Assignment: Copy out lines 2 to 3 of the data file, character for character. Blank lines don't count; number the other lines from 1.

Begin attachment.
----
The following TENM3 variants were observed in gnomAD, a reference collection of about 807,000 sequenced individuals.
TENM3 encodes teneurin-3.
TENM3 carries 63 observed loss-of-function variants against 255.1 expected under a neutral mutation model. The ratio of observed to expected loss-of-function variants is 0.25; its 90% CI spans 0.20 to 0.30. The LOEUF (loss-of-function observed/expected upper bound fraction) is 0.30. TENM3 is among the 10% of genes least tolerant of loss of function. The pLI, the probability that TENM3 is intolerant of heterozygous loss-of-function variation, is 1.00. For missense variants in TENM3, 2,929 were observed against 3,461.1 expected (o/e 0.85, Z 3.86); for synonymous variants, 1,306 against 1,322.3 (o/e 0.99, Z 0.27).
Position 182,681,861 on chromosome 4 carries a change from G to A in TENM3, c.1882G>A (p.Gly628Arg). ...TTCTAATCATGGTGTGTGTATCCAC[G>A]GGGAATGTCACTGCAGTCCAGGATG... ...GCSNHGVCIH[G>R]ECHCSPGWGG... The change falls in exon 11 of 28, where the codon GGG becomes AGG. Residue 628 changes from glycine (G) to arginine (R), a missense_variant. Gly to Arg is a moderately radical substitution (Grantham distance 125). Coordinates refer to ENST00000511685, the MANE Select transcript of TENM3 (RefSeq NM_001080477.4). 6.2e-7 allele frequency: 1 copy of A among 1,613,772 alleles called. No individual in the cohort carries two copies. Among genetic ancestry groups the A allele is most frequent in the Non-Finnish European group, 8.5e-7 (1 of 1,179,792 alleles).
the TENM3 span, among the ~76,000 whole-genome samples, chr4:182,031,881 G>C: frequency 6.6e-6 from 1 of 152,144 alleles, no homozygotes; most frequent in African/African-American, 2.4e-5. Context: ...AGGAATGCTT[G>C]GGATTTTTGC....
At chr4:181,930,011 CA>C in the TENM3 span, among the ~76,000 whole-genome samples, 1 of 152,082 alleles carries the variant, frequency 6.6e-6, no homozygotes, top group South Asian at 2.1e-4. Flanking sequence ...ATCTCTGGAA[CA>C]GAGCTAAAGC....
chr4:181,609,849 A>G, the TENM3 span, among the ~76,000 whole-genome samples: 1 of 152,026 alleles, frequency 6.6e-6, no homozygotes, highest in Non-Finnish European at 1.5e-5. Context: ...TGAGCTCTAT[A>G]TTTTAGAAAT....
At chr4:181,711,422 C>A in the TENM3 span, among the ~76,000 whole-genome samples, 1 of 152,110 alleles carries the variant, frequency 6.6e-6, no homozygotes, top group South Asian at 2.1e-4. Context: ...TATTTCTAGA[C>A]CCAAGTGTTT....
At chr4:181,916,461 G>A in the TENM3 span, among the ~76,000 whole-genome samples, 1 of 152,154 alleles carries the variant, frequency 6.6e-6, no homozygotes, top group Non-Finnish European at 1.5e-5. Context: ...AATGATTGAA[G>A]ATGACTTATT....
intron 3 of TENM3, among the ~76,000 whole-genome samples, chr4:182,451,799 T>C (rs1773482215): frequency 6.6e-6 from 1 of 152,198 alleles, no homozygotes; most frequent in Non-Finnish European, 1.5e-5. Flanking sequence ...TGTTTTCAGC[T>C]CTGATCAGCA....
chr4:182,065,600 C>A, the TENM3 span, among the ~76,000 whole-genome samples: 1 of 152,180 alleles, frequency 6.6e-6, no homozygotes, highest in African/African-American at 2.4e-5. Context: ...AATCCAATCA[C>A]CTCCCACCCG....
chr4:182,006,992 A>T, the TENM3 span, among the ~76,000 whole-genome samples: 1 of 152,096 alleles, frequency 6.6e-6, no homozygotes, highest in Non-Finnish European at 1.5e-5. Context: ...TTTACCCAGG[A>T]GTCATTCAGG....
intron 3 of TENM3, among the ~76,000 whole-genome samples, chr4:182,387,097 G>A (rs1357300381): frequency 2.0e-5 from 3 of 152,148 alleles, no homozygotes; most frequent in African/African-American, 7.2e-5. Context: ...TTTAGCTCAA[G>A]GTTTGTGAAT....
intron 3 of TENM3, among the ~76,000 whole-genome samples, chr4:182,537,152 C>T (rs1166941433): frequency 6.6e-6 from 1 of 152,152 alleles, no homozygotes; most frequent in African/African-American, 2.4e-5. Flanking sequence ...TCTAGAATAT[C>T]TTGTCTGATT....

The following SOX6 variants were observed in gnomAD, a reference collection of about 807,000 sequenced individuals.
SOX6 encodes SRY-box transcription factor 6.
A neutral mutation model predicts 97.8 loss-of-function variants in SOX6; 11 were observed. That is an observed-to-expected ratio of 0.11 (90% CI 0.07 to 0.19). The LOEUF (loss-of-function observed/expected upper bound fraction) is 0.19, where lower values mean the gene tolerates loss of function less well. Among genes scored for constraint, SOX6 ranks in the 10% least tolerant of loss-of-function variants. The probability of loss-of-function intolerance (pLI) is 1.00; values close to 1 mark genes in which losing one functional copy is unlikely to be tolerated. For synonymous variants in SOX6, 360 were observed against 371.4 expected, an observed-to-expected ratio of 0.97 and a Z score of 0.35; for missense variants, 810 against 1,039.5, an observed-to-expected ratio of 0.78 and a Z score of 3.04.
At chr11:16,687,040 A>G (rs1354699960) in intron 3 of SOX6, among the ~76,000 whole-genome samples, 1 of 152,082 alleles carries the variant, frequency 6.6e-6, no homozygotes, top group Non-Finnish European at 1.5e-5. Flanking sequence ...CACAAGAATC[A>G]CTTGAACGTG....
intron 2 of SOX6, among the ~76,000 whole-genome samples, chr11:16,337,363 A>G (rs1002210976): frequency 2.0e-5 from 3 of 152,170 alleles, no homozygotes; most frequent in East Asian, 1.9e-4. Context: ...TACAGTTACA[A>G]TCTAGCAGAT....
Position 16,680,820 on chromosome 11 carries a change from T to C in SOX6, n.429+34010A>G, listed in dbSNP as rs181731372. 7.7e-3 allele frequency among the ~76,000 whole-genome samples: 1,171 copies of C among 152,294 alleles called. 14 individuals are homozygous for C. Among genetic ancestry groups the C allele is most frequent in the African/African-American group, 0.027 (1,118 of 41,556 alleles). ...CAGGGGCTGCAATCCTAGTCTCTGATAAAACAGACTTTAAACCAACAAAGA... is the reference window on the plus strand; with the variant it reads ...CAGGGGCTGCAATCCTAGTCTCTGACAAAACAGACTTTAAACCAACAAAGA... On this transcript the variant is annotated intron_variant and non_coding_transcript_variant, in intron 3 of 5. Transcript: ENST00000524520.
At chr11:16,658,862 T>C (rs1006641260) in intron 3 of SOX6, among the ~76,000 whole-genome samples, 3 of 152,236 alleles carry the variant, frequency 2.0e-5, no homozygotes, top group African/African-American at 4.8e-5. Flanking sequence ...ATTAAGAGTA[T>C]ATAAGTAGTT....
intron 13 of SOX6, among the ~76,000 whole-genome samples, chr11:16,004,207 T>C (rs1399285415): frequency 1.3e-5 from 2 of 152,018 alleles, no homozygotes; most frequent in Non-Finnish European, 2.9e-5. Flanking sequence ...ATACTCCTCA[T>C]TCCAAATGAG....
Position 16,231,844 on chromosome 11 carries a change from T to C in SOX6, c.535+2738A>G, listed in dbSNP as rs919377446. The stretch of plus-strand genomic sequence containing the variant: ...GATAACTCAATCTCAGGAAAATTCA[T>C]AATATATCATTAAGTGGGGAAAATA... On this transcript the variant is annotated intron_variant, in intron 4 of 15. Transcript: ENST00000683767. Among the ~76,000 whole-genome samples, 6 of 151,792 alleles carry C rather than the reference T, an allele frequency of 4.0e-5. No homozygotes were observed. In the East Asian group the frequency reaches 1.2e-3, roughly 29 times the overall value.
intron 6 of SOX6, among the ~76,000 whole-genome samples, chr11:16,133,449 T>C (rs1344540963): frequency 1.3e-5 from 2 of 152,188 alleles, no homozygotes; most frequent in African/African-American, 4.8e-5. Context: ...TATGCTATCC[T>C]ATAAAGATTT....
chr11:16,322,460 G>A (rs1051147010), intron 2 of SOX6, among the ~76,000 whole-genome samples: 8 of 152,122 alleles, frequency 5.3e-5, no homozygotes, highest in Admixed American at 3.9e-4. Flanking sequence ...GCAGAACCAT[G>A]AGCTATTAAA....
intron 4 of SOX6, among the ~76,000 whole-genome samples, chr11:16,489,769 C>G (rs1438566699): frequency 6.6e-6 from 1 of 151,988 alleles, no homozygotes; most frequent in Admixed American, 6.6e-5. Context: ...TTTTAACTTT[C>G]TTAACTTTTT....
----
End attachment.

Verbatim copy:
TENM3 encodes teneurin-3.
TENM3 carries 63 observed loss-of-function variants against 255.1 expected under a neutral mutation model. The ratio of observed to expected loss-of-function variants is 0.25; its 90% CI spans 0.20 to 0.30. The LOEUF (loss-of-function observed/expected upper bound fraction) is 0.30. TENM3 is among the 10% of genes least tolerant of loss of function. The pLI, the probability that TENM3 is intolerant of heterozygous loss-of-function variation, is 1.00. For missense variants in TENM3, 2,929 were observed against 3,461.1 expected (o/e 0.85, Z 3.86); for synonymous variants, 1,306 against 1,322.3 (o/e 0.99, Z 0.27).